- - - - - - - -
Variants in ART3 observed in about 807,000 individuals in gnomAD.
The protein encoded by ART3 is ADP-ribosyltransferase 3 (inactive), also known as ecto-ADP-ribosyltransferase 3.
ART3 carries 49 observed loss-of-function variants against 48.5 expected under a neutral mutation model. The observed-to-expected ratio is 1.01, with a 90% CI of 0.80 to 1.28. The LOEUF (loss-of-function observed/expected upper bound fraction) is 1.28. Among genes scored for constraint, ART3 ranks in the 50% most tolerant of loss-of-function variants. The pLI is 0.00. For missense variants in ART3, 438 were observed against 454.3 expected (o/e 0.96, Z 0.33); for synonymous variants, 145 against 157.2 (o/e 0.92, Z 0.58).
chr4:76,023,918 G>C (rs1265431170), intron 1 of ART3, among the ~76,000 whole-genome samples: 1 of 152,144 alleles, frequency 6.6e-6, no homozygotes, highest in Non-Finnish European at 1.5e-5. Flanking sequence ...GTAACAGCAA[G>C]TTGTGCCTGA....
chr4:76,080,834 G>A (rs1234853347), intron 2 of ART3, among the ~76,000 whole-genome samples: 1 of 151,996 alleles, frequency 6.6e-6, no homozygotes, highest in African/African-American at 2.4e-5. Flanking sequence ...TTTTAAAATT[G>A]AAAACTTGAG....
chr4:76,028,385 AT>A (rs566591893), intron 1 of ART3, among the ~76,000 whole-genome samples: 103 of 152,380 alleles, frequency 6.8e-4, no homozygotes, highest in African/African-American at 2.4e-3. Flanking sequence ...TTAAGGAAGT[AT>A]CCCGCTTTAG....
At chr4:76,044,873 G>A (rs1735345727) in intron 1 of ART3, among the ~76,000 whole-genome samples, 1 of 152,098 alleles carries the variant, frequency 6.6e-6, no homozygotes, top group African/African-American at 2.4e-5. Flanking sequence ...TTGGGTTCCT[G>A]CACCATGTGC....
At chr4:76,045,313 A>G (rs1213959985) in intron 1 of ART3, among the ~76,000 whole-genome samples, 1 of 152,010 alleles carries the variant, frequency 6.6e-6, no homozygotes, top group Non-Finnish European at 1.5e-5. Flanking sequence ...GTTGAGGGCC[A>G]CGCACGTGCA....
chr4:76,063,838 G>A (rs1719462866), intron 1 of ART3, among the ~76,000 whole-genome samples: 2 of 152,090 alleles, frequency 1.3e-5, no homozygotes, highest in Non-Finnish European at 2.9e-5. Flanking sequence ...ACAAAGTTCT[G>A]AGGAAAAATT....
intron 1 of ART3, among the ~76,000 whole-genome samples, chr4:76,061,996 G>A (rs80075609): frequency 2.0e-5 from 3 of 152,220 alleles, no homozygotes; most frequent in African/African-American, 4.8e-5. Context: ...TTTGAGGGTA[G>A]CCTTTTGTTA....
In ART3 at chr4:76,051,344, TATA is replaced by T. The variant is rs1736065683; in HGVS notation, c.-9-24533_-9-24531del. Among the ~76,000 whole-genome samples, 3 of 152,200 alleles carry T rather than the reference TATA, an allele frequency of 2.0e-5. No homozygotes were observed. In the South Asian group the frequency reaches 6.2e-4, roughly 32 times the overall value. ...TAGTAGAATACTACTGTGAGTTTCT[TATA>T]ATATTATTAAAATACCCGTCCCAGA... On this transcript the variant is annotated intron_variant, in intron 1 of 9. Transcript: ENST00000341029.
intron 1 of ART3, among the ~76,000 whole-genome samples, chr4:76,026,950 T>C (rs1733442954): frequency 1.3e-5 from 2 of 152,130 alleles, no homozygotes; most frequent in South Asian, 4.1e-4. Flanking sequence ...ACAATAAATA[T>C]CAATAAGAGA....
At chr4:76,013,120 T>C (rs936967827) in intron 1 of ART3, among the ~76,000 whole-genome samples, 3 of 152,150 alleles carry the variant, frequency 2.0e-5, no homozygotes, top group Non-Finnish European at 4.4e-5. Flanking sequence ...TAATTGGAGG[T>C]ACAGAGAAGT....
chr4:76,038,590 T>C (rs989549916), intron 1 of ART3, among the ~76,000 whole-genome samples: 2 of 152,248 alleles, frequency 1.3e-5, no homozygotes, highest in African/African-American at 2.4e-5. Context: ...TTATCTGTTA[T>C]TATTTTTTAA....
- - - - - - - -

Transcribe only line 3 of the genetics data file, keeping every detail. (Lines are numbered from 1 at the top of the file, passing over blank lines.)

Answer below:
ART3 carries 49 observed loss-of-function variants against 48.5 expected under a neutral mutation model. The observed-to-expected ratio is 1.01, with a 90% CI of 0.80 to 1.28. The LOEUF (loss-of-function observed/expected upper bound fraction) is 1.28. Among genes scored for constraint, ART3 ranks in the 50% most tolerant of loss-of-function variants. The pLI is 0.00. For missense variants in ART3, 438 were observed against 454.3 expected (o/e 0.96, Z 0.33); for synonymous variants, 145 against 157.2 (o/e 0.92, Z 0.58).